The one on Gen. Elphinstone: he sounds like a slovenly character. Our military is mentally broken, at the top, and probably deep down the ranks.
    It gives me heart to read that the USMC commandant (if the report is true) told Gen Austin to suk balls when ordered to mandate the jab.
    The mental is to the physical as 2 is to 1. But, I’m afraid that physical weakness also leads to cowardice. We need mental and physical spartans, with high moral character.
    Thanks, again.

  • PA Cat August 20, 2021, 10:23 PM

    Casey, you’re more than welcome. As for the USMC– there are a number of Soldiers episodes that highlight the Corps, including an interview with William Manchester about his WWII experience in the Marine Corps in the Pacific, and a visit to Parris Island boot camp to see how the USMC turns ordinary American kids into Marines. I also found the segments on the French Foreign Legion interesting, as they don’t mess around either when it comes to forming men into soldiers– making all recruits learn French is probably the least difficult part of the program. Anyway, enjoy!

  • Casey Klahn August 21, 2021, 6:36 AM

    I have had a policy of not believing reports that this guy said this or that. Everybody’s fave general, Gen Milley, seems to have a string of “shit he said” articles a mile long. Not very seemly when you’re all about being non=political. Oh, that was only for the crossing of the street to the church event. Then, he went politico like a whore goes downtown. You never saw such a political general, and it doesn’t escape me that his “non-political” profiling was credulously anti-Trump, and then he swung so far left that he embraces all the cocksuckers who hate America. Is he naive? A naive American 4 star?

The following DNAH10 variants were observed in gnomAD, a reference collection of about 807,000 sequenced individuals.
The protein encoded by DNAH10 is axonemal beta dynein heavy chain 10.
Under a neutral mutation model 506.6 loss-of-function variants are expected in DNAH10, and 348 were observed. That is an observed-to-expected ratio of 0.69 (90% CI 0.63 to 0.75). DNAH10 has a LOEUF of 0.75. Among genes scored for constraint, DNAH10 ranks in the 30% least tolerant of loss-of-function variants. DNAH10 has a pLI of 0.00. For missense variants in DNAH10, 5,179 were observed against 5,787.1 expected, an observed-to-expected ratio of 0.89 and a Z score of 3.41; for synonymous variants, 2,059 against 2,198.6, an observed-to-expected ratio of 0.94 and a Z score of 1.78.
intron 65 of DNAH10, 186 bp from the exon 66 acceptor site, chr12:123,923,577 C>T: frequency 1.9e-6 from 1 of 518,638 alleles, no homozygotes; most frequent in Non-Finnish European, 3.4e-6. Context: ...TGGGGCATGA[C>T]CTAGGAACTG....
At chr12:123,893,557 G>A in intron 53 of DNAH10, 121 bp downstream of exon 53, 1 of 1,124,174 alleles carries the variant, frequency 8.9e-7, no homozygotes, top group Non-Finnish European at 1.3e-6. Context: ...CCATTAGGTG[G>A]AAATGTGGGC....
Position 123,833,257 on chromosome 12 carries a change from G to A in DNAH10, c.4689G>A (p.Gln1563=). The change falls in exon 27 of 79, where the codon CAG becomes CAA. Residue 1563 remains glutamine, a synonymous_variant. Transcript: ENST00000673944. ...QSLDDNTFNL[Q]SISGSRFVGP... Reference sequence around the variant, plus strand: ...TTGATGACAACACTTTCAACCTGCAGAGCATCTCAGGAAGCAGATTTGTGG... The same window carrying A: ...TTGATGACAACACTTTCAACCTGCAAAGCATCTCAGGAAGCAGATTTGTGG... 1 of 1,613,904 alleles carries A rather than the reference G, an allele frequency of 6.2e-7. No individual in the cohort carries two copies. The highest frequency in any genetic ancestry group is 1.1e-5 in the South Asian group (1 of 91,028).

All that to say that yesterday’s “he said” was that he wishes we had Trump back in charge. Do you know that you’re embarrassing all uniformed members, general? Let’s talk about Gen. Austin, the SecDef. He seems determined to take the military down overnight. I can’t wait to see what kind of shit he’s got up his sleeve next.

    Biden will be gone soon. Then some shit will go down. The next Lefty will step up to the plate. You cannot write drama this good.

  • Snakepit Kansas August 21, 2021, 7:26 AM

    I have a hard time believing that the Taliban is going to let ALL foreigners leave without taking a gob of them hostage. They know that as soon as all the civilians are out, they become targets again. President Sugar Cone clearly is not up to this and if/when he goes, you have Kamala. That isn’t even a consolation prize, and as Casey says, the drama would be good. With Kamala in charge, she can send in an all female & queer SEAL Team to rescue hostages to show how effective Woke is. Miley wants to understand “White rage”? Idiot. What happened to him? He really thought Trump was going to attempt a coup? FFS. Only the military can do that. Maybe Miley’s end game is an eye on the White House for himself. Fat chance.

  • Snakepit Kansas August 21, 2021, 7:30 AM

    Milley/Fauci 2024

  • Vanderleun August 21, 2021, 8:32 AM

    You are an evil evil prophet, Snakepit.